How Can We Better Manage the Food We Throw Away? GORE Cover Technology May Have the Answer

According to the Environmental Protection Agency (EPA), approximately 95% of our food waste ends up in the landfill (1). By reducing wasted food, we can save money as well as contribute less to greenhouse gas emissions. The decomposition of our food waste creates methane, which may seem less innocuous than carbon dioxide, but its global warming potential is 34 times greater than the latter (2).

How can we better manage the food we throw away? Composting can close the loop of waste management. However, composting the traditional way in a typical backyard pile could potentially take months or up to more than a year. Some composting facilities have adopted the GORE® Cover Technology, which is a system that controls the release of odors and greenhouse gases from the decomposition process.

GORE Cover Technology, a large cover that is sealed over the compost piles, has an input volume range from as little as 2,000 to more than 200,000 tons per year.  It can be used to process a variety of green waste, food waste, biosolids or municipal solid waste (MSW)3. Due to its ability to trap odor and moisture, the cover can accelerate the composting process, converting waste to compost in eight weeks, with the aid of an in-floor aeration process 4.

The GORE Cover is both cost-effective in installation and maintenance. It can ultimately accelerate the decomposition process to potentially produce high-quality compost, create a return on investment, and reduce operational cost. It has been approved and utilized in more than 150 composting facilities and more than 20 countries 3.

A single GORE Cover costs about $75,000 and covers one ‘heap.’ A standard heap is 26 feet (8m) wide at the base, 165 feet (50m) long and 10-12 feet (3 – 3.5m) in height. Each heap contains approximately 1,000-1,200 cubic yards of composting material 5.

Table: Capital Cost Outline for a 40,000 ton/year (16 covered aerated piles) GORE Cover composting plant 6. This figure derives from a study by Columbia University conducted in 2009.

 
Capital Cost Category Cost ($)
General $150,000
Site Work $ 150,000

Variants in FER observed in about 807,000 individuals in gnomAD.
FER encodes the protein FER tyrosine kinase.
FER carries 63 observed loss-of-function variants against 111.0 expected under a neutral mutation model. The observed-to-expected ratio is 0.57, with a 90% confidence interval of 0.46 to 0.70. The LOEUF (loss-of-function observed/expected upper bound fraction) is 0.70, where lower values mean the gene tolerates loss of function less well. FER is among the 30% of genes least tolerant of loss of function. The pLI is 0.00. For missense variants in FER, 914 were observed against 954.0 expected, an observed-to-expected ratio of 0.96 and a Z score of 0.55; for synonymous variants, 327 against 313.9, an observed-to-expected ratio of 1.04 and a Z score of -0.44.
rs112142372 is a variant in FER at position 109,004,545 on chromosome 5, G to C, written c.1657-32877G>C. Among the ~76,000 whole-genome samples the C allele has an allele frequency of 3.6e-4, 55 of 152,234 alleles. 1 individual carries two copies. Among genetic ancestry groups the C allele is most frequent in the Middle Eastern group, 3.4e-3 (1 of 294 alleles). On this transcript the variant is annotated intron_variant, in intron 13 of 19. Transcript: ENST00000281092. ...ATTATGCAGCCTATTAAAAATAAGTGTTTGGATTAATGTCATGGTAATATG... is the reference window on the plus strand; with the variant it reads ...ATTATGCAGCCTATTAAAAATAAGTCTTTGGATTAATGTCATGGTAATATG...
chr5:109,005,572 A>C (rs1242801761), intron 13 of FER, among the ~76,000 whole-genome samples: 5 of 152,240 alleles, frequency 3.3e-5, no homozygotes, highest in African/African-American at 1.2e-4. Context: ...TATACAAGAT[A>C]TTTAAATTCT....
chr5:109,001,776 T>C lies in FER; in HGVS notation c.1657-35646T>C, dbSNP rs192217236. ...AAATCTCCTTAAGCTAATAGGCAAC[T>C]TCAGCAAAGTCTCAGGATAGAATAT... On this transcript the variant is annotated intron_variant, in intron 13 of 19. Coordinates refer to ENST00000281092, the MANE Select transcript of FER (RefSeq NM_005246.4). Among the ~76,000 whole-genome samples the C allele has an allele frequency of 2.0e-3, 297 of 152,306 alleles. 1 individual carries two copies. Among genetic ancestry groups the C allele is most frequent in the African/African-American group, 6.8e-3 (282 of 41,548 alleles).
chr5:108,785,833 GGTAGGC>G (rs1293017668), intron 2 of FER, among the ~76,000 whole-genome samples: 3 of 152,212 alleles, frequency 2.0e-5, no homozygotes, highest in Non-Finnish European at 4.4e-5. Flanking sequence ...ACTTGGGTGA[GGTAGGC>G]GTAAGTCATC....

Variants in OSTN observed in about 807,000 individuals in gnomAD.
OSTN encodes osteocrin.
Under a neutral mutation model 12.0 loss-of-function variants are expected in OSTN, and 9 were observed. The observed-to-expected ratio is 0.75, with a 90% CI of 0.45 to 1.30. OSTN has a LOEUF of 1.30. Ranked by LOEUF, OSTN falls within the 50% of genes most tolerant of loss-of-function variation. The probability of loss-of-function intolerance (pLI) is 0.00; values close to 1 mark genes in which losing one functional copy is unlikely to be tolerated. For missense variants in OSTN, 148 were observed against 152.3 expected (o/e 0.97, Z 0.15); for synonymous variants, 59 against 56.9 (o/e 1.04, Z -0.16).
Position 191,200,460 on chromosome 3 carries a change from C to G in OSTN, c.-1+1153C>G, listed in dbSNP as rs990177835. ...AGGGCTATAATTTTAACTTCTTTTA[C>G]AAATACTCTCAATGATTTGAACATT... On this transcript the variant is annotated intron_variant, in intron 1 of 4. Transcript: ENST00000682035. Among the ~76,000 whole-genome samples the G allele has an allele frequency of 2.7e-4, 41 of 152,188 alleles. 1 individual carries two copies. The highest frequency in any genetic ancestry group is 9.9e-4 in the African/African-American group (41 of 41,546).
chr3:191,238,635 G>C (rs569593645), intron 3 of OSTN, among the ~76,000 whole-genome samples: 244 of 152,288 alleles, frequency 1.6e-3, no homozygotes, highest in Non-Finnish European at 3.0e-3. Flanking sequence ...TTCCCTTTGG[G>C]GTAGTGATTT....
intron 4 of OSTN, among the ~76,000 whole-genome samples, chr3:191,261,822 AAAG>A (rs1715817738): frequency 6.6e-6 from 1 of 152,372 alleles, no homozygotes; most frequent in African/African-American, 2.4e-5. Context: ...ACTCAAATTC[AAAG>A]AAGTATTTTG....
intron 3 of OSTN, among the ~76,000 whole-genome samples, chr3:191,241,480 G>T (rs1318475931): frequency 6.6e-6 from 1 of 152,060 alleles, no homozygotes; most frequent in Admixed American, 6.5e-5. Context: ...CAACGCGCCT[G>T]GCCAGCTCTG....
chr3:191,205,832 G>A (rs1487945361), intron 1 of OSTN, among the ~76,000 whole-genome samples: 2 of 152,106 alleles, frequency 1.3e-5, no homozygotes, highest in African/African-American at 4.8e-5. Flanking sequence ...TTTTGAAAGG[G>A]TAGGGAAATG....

Paving $ 1,000,000
Concrete $ 600,000
Buildings $ 500,000
Leachate System $ 100,000
Storm Water System $ 300,000
Electrical Equipment $ 400,000
Equipment $ 1,500,000
Engineering $ 200,000
Legal $ 200,000
Gore Cover System $ 2,250,000
Total $ 7,350,000

Below are some GORE Cover projects throughout the US that highlight the variety in size and intake each composting facility holds, as well as the estimated capital costs of the project.

Project Name Size (Footprint in Acres) Tons Per Year Capital Cost
Build it Green (BiG! Compost), NYC (7) 0.5 acre (with a 10,000 sq
ft composting area)
315 tons
Miramar Greenery, San Diego, CA* (8) Miramar Greenery, San Diego, CA* 8 64 tons N/A
Prince George’s County, Maryland (9) 200 acres (52 acres is paved asphalt) 1,500 tons $170,000
Cedar Grove Composting,Everett, Washington (10) 26 acres 50,000 tons of food scraps + 275,000 tons of yard trimmings $20M (estimated) (11)
LA County Sanitation District (Tulare Lake Compost) 175 acres 1,000,000 tons (500,000 wtpy,biosolids and 400,000 tpy amendments, with current buildout designed for,100,000 wtpy biosolids, and currently receiving about 32,000 wtpy biosolids)* $100M (estimated)

*GORE was implemented in the Miramar Greenery composting facility for an eight-month pilot project in 2009, which consisted of two windrows of compost. The facility itself is 74 acres and can process up to 250,000 tons of organic waste per year.

*wtpy = waste tons per year

The GORE Cover Technology is available for purchase from multiple suppliers throughout the country.

With the continued support from the Walmart Foundation, Global Green was able to analyze Food Waste Solutions


1 "Reducing Wasted Food At Home." EPA. Environmental Protection Agency, n.d. Web.

2 Matt De La Houssaye and Rebecca Miller. "Why Methane Matters." (n.d.): n. pag. Global Green USA. Web.

3 “GORE® Cover For Organic Waste Treatment” GORE®. GORE® Creative Technologies Worldwide, n.d. Web.

4 “Composting with GORE® Cover Technology.” GORE® GORE® Creative Technologies Worldwide, July 2017. Web.

5 W. L. Gore & Associates.“The GORE® Cover System: Membrane Covered Positive ASP Composting Technology.” GORE® Astoria Organics, 2014. Web.

6 Rob van Haaren. “Large
 scale
 aerobic
 composting 
of
 source­ separated 
organic
 wastes:
 A
 comparative
 study
 of 
environmental 
impacts, 
costs,
 and 
contextual effects.” Department of Environmental Engineering, Columbia University, August 2009. Web.

7 Louise Bruce. “The Evolution Of New York City's Big!Compost.” BioCycle, 14 Nov. 2014. Web.

8 City of San Diego, Environmental Services Department. “SWANA Composting Systems Excellence Award. Miramar Greenery Composting System.” Environmental Services Department, 2011. Web.

9 Nora Goldstein. “Food Scraps Composting At County Yard Trimmings Site.” BioCycle, 18 June 2015. Web.

10 Brooks, Diane. “Cedar Grove Composting in Everett Creates Compost Using Gore Cover Technology.” The Seattle Times, The Seattle Times Company, 22 Apr. 2008. Web.

11 Louise Bruce, speaker. “Closing the Loop: Compost for Fun, Farms, and Finance!” Notes. Sustainable Agriculture and Food Systems Funders, July 2013. Web.

Conchita Widjojo